Thinking about money

Gianluca Sacco
Sep 22, 2017 · 4 min read

Money is integral to all of our lives, yet we spend so little time thinking about where money comes from, why it exists and whether its current form is optimal.

In this post, we’ll be exploring the concept of money and how it applies to the world of cryptocurrency.


Where to begin? Lewis Carrol put it very simply in Alice in Wonderland;

“Begin at the beginning,” the King said, very gravely, “and go on till you come to the end: then stop.”

Since time began we have needed a means to transact with each other. We’ve gone from swapping things for other things, to using pieces of paper.

Often in life its healthy to ask why questions. When it comes to money, it makes sense to ask this particular question:

Why should I be willing to accept $100 from someone else for something I find valuable?

The best reason I arrive at is because we believe that (a) someone else will accept that $100 from us, and (b) $100 will have roughly the same value tomorrow as it has today.

Over time, we’ve learned some lessons about what makes money useful:

Money should be divisible — because it needs to be traded for the least valuable object in our world. Being able to split dollars into cents helps.

One unit of money should be transferrable for another unit (fungible) — we don’t want to waste time arguing about whether your $1 is worth the same as my $1, we trust that they are.

Money should be durable — so that it doesn’t break down or disappear when we carry it around.

Money should be portable — so that you can take your money with you.

Money should be scarce — if it’s possible to copy money, then you wouldn’t be willing to accept it for goods and services that cannot be copied.

Money must be acceptable — If you and I aren’t willing to accept something as money it becomes worthless very quickly.

Our existing forms of money are a decent medium for the above, but paper money has a few problems. Most importantly it isn’t truly scarce and as long as the number of dollars increases, we can expect each dollar to become less valuable. Over a long enough timeframe all paper money is worth zero. We fix this problem (or convince ourselves that we have) by trusting our government to guarantee that our money is worth something.

We accept this situation, without thinking about it, because we can’t easily think of a better alternative. There are good reasons for governments to control the supply of money (to control inflation), but there are many terrible implications too (quantitative easing).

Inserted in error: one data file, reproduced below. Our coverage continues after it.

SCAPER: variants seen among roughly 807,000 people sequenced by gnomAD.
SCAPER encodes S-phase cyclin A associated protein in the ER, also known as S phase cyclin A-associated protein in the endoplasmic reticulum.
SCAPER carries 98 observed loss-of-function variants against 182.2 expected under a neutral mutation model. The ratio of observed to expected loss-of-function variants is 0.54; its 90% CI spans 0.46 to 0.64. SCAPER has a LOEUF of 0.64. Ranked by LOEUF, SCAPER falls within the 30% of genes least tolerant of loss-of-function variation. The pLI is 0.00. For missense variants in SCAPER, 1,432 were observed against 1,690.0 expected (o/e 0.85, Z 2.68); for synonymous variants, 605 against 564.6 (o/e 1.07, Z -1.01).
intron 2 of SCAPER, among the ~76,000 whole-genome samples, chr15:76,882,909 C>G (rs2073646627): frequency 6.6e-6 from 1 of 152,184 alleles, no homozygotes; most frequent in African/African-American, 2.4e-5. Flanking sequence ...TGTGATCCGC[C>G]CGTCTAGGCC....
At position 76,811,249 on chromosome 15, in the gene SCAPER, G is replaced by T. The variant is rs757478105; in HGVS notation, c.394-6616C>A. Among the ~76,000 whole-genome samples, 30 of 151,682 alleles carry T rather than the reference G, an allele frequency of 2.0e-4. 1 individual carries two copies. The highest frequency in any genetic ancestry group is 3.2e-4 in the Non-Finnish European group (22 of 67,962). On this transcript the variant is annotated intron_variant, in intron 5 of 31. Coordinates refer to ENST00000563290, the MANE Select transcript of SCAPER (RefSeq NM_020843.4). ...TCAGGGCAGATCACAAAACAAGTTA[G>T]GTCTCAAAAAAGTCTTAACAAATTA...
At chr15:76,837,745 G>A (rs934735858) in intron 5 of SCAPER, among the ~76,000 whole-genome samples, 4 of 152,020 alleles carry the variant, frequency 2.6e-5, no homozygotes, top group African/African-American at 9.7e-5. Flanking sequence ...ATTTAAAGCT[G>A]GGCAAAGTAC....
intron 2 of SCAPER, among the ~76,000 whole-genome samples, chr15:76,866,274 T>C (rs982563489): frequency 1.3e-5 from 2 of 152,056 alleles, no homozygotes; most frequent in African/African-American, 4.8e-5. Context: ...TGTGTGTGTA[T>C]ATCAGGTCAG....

Bitcoin was built on the idea that there is an opportunity to make a money system that is better for everyone. To achieve this, its creator developed a mathematical solution that doesn’t require anyone to control the scarcity of money.

There are some good introductions out there. I suggest Tess Rinearson’s simple explanation using emoji’s here (I am going to be borrowing heavily from her in the next few posts).

I won’t rehash the above introduction, but let’s summarise so that we are on the same page. We can gather that bitcoin tries to solve the problem of how I transfer data to you.

  • We’ve found it useful to copy information from each other over the internet — great for sharing documents, songs, videos and other things that don’t need to be rare
  • Transferring data from me to you is not the same as copying data — copying means we both keep a copy, while a transfer means I no longer have the data I am sending you
  • We’ve had to trust 3rd parties to transfer data in the past — for things that should be rare (like money) we trust a middle man (bank) to make sure that when I send you a dollar, I don’t keep a copy of that same dollar
  • The idea of a decentralised blockchain *potentially* removes the middle man — When the record of a transfer from me to you is recorded in a blockchain, it can’t be reversed or edited by us or anyone else. We can trust the math instead of the middle man

The implications of the above are that bitcoin can work much more effectively as a form of money. Bitcoin has the potential to fit all of the characteristics of money we enjoy:

Bitcoin is divisible — into 0.00000001 of a bitcoin (a satoshi)

One unit of bitcoin equals another — and if it is adopted by lots of people, it will have the same value everywhere

Bitcoin is durable — the blockchain ensures that it is not possible for bitcoin to be destroyed

Bitcoin is portable — if you have your private key with you (even written on a piece of paper)

Bitcoin is scarce — there will only ever be 21mn bitcoin and no one person or government should ever be able to change that

BUT is bitcoin acceptable? Only if we see widespread adoption, will it be possible for bitcoin to work as a currency. Many people think this will never happen, while some are more optimistic.

To get a sense of the level of adoption of bitcoin right now, take a look at this infographic, which shows all of the world’s money in one graph. There is some way to go before we can begin to call bitcoin a globally relevant money.


So far we have discussed the concept of money and explored whether/how bitcoin could fill the same shoes. In my next post we will explore some of the reasons that I believe we should pay attention, whether bitcoin is used as money or for something else.

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